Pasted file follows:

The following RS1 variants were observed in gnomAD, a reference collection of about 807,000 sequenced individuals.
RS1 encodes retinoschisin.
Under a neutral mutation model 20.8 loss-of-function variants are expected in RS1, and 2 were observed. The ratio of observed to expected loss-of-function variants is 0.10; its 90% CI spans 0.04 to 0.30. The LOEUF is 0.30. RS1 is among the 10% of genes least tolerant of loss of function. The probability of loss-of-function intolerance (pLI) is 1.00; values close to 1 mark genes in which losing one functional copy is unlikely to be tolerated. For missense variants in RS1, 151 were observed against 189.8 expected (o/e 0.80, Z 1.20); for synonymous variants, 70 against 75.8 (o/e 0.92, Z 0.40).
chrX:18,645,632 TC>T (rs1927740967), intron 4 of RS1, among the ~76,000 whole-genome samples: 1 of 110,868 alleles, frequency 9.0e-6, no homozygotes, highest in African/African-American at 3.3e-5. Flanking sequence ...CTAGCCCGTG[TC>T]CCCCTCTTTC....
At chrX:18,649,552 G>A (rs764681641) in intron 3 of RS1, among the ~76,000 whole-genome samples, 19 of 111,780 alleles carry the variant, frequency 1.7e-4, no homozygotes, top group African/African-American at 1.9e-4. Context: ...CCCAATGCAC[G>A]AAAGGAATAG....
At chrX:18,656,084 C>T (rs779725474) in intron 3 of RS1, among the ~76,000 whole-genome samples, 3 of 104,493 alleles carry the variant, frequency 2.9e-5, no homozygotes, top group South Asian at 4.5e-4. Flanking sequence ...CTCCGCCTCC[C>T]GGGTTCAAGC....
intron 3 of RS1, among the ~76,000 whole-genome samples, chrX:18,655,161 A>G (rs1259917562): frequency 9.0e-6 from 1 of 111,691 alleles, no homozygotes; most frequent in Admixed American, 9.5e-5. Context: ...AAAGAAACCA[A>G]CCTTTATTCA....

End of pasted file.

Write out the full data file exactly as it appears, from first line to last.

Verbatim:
The following RS1 variants were observed in gnomAD, a reference collection of about 807,000 sequenced individuals.
RS1 encodes retinoschisin.
Under a neutral mutation model 20.8 loss-of-function variants are expected in RS1, and 2 were observed. The ratio of observed to expected loss-of-function variants is 0.10; its 90% CI spans 0.04 to 0.30. The LOEUF is 0.30. RS1 is among the 10% of genes least tolerant of loss of function. The probability of loss-of-function intolerance (pLI) is 1.00; values close to 1 mark genes in which losing one functional copy is unlikely to be tolerated. For missense variants in RS1, 151 were observed against 189.8 expected (o/e 0.80, Z 1.20); for synonymous variants, 70 against 75.8 (o/e 0.92, Z 0.40).
chrX:18,645,632 TC>T (rs1927740967), intron 4 of RS1, among the ~76,000 whole-genome samples: 1 of 110,868 alleles, frequency 9.0e-6, no homozygotes, highest in African/African-American at 3.3e-5. Flanking sequence ...CTAGCCCGTG[TC>T]CCCCTCTTTC....
At chrX:18,649,552 G>A (rs764681641) in intron 3 of RS1, among the ~76,000 whole-genome samples, 19 of 111,780 alleles carry the variant, frequency 1.7e-4, no homozygotes, top group African/African-American at 1.9e-4. Context: ...CCCAATGCAC[G>A]AAAGGAATAG....
At chrX:18,656,084 C>T (rs779725474) in intron 3 of RS1, among the ~76,000 whole-genome samples, 3 of 104,493 alleles carry the variant, frequency 2.9e-5, no homozygotes, top group South Asian at 4.5e-4. Flanking sequence ...CTCCGCCTCC[C>T]GGGTTCAAGC....
intron 3 of RS1, among the ~76,000 whole-genome samples, chrX:18,655,161 A>G (rs1259917562): frequency 9.0e-6 from 1 of 111,691 alleles, no homozygotes; most frequent in Admixed American, 9.5e-5. Context: ...AAAGAAACCA[A>G]CCTTTATTCA....